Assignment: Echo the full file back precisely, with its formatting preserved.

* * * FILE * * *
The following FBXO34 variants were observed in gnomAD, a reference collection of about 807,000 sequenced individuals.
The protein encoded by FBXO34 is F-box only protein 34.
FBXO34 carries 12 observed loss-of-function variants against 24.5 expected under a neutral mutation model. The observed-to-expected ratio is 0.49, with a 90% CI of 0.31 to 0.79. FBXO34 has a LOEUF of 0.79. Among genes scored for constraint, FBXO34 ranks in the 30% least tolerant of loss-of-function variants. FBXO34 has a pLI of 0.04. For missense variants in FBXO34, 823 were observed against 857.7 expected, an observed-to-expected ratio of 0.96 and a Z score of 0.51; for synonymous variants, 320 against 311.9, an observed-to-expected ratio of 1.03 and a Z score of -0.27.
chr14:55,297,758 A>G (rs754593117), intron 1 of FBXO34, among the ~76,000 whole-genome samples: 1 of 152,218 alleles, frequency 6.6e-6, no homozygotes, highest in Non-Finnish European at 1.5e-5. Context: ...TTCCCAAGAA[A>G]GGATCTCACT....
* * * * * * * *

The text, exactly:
The following FBXO34 variants were observed in gnomAD, a reference collection of about 807,000 sequenced individuals.
The protein encoded by FBXO34 is F-box only protein 34.
FBXO34 carries 12 observed loss-of-function variants against 24.5 expected under a neutral mutation model. The observed-to-expected ratio is 0.49, with a 90% CI of 0.31 to 0.79. FBXO34 has a LOEUF of 0.79. Among genes scored for constraint, FBXO34 ranks in the 30% least tolerant of loss-of-function variants. FBXO34 has a pLI of 0.04. For missense variants in FBXO34, 823 were observed against 857.7 expected, an observed-to-expected ratio of 0.96 and a Z score of 0.51; for synonymous variants, 320 against 311.9, an observed-to-expected ratio of 1.03 and a Z score of -0.27.
chr14:55,297,758 A>G (rs754593117), intron 1 of FBXO34, among the ~76,000 whole-genome samples: 1 of 152,218 alleles, frequency 6.6e-6, no homozygotes, highest in Non-Finnish European at 1.5e-5. Context: ...TTCCCAAGAA[A>G]GGATCTCACT....